The undisputed facts in the record are as follows: On [the] morning of October 14, 2009, Agent Coslett telephoned Keating to tell him he needed to collect a urine sample from him, and then proceeded to Keating's approved residence at 3 James Street. (Doc. 58-2, p. 10; Doc. 50-2, p. 39). Agent Coslett asked Keating where he was living, and Keating told him that he was living at 90 Market Street, and that all his belongings were there and that he was fixing it up. (Doc. 58-2, p. 10). The utilities were in Keating's name at the 90 Market Street residence, and he received mail there for the utilities. (Doc. 50-2, p. 40). Keating testified at his deposition that the residence at 3 James Street was his primary residence, but that he also resided at 90 Market Street from 2007 until April 2012. (Doc. 50-2, p. 24). Keating testified that he was staying at 90 Market Street, on average once or twice a week. (Doc. 50-2, p. 48). Keating further testified in the same deposition that he had been primarily sleeping at the 3 James Street residence, but that he signed the new home agreement letter because Agent Coslett told him he would get "jammed up" if he did not sign it. (Doc. 50-2, p. 40). Agent Coslett informed Keating that staying at 90 Market Street was a violation of his parole because it was not his approved residence, and asked him if he wanted to stay at the Market Street address, and if that is where Keating wished to have his approved residence. (Doc. 58-2, p. 10).
Following the meeting at 3 James Street, Agent Coslett drove to the Market Street residence and met Keating, who had walked to the location. It is unclear from the record as to when Agent Coslett had Keating sign a new Home Provider Agreement for the 90 Market Street residence. Agent Coslett testified that he retrieved a home provider agreement letter and Keating signed the same prior to asking Keating to show him around the Market Street residence, which Keating agreed to do. (Doc. 58-2, p. 10). Keating testified that Agent Coslett presented him with the home agreement letter after Agent Coslett had searched the house for the first time, but before Tokar and Houssein got there. (Doc. 50-2, 35). Regardless, the home provider agreement letter doesn't address the violation of changing residence without permission; rather, it addresses to Keating what the rules of the residence will be if he was going to live at the residence. The agreement was signed at 9: 13 a.m. (Doc. 58-2, p. 12).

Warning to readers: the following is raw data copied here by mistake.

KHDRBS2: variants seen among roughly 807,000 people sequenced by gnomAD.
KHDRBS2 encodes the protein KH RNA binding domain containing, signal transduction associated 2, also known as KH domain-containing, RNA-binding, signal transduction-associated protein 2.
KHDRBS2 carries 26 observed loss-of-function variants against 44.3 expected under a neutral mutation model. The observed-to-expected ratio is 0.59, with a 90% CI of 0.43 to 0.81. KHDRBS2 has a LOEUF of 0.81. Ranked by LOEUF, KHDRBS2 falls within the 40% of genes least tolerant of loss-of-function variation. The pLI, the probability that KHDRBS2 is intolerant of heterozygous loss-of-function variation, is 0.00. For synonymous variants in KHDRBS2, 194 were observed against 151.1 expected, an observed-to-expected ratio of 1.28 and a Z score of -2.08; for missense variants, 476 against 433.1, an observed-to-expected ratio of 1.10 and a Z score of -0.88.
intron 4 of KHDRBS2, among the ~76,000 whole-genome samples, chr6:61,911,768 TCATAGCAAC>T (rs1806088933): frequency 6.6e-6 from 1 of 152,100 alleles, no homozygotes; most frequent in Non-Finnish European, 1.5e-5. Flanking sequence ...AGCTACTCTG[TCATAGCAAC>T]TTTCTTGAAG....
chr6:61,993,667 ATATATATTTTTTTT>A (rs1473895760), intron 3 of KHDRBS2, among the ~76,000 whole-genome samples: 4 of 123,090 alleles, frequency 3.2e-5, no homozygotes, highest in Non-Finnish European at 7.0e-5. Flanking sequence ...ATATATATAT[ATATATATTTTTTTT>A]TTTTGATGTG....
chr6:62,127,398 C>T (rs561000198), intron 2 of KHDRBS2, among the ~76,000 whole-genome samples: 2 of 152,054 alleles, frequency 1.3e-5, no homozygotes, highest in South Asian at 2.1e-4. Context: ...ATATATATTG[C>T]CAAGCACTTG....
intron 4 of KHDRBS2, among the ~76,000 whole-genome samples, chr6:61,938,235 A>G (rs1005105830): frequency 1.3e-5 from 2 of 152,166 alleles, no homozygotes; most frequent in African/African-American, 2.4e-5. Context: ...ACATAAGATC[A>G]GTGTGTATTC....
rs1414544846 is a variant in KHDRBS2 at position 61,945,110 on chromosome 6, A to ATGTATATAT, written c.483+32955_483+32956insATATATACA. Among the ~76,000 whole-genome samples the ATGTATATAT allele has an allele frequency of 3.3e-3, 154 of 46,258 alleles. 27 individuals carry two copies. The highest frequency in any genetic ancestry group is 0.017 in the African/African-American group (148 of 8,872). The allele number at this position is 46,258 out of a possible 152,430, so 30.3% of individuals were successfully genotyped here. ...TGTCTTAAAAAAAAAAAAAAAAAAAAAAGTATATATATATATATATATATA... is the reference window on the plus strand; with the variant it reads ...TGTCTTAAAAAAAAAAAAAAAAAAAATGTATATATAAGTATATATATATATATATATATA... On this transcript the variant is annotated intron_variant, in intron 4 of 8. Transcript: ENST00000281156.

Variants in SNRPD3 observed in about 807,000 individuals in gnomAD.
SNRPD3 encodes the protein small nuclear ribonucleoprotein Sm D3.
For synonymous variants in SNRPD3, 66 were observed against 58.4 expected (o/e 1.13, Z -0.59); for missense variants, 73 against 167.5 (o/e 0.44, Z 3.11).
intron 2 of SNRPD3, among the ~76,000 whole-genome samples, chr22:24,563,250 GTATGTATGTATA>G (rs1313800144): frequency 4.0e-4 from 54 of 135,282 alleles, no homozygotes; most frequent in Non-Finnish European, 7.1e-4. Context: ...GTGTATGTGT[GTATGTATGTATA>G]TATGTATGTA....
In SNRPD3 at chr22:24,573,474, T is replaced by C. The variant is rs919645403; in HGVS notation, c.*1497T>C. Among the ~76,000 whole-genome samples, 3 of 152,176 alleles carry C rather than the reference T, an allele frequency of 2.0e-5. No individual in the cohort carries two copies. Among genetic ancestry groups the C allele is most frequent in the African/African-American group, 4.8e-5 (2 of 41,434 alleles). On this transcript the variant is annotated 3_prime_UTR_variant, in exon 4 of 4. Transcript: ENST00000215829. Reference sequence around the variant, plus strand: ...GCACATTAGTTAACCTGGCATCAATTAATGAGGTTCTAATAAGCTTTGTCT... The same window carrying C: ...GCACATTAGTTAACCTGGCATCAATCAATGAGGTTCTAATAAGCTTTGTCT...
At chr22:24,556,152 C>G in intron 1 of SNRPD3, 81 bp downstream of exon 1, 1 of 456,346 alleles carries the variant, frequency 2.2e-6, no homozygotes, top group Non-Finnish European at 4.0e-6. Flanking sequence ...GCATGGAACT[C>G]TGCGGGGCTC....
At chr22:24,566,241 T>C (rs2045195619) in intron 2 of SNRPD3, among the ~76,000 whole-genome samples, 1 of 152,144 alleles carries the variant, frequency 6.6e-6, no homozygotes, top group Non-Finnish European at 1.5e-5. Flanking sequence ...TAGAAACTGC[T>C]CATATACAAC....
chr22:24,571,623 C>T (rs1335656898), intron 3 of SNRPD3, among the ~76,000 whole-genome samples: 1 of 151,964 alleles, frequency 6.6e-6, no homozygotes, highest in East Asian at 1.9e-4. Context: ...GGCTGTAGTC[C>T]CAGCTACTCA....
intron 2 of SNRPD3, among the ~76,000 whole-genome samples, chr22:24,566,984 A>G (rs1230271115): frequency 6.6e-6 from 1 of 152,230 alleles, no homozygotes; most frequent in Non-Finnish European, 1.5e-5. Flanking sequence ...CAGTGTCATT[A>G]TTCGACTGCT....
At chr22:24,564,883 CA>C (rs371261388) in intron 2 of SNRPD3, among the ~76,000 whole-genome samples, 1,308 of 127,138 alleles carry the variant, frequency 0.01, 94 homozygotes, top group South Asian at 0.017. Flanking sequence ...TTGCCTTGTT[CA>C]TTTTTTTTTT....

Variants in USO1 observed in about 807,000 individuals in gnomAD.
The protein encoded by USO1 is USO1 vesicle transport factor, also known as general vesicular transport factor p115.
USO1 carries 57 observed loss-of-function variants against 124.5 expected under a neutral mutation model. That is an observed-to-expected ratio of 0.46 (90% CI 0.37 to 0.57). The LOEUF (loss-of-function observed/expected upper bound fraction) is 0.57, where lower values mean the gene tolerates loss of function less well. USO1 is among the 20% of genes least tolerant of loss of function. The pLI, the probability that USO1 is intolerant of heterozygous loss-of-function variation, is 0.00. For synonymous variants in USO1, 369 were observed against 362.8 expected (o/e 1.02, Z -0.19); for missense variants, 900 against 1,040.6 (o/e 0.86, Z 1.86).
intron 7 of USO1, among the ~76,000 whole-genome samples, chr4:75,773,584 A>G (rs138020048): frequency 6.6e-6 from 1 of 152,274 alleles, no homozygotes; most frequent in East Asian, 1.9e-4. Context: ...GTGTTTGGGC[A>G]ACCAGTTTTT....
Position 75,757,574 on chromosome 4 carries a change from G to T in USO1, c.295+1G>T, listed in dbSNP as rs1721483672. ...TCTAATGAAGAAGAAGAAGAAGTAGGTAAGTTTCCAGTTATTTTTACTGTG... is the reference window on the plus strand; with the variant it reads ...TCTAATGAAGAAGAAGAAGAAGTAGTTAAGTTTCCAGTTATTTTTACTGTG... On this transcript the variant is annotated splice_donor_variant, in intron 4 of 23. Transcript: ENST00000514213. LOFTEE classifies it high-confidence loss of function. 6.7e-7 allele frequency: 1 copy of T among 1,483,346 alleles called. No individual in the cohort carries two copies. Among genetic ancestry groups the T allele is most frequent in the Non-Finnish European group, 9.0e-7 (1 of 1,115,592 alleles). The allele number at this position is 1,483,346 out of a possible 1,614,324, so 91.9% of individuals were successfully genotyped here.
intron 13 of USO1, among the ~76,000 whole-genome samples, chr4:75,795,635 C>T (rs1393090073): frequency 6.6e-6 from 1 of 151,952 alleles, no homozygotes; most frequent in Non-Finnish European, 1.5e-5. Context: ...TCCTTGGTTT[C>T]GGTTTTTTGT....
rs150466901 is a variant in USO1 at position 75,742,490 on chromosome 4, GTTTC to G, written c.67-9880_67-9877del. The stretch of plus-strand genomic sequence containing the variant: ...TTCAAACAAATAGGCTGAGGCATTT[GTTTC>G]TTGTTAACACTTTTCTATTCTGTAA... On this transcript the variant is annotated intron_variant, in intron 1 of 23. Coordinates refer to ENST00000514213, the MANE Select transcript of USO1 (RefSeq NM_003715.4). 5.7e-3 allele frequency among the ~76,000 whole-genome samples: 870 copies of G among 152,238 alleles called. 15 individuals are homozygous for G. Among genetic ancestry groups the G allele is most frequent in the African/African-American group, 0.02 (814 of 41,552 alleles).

Agent Coslett testified that he had reasonable suspicion to search the residence at 90 Market Street because of the change in residence without permission, which was a violation of Keating's conditions of parole. At the time Agent Coslett called the Pittston Police Department, he intended to conduct a parole search of the Market Street residence. A parole search is a warrantless search that can be conducted by an agent whenever there exists reasonable suspicion that conditions of parole have been violated. (Doc. 58-2, p. 15).
At some point Agent Coslett secured a urine sample from Keating, which tested positive for morphine. (Doc. 58-2, p. 11). Keating told Agent Coslett he had used his mother's prescription without her permission, which was a violation of his parole. (Doc. 58-2, p. 11). Agent Coslett began his first search of the Market Street residence, with Keating showing him through the house. Francis Lombardo[4] was sleeping on the living room couch. (Doc. 58-2, p. 11).
Agent Coslett testified that he called his supervisor to advise him of the situation and to ask if there were any other agents in the area to assist him in searching the residence. His supervisor advised him that there were none in the area but to call the police for officer presence. (Doc. 58-2, p. 12). Agent Coslett also called the Pittston Police Department to request that an officer be dispatched to the Market Street residence as an officer safety precaution. (Doc. 58-2, pp. 11-13).
When Officers Tokar and Houssein arrived, Agent Coslett advised them that he was going to conduct a search and that Francis Lombardo was sleeping on the couch. At this point, the record is unclear as to what happened next. Agent Coslett testified that when he and the officers walked into the living room, Agent Coslett noticed that Lombardo had left. (Doc. 58-2, p. 16). Officers Tokar and Houssein testified that Lombardo was asleep on the couch when they entered the room, but that he was gone when they came back downstairs. (Doc. 58-2, pp. 24, 27, 33). Keating testified that Officers Tokar and Houssein went in the house first and started shouting "Gupper's gone" which prompted he and Agent Coslett to reenter the house, at which point Officers Tokar and Houssein both had their guns drawn. (Doc. 50-2, p. 28). Officer Houssein and Officer Tokar testified that they never drew their guns during the entire incident. (Doc. 58-2, pp. 24, 37).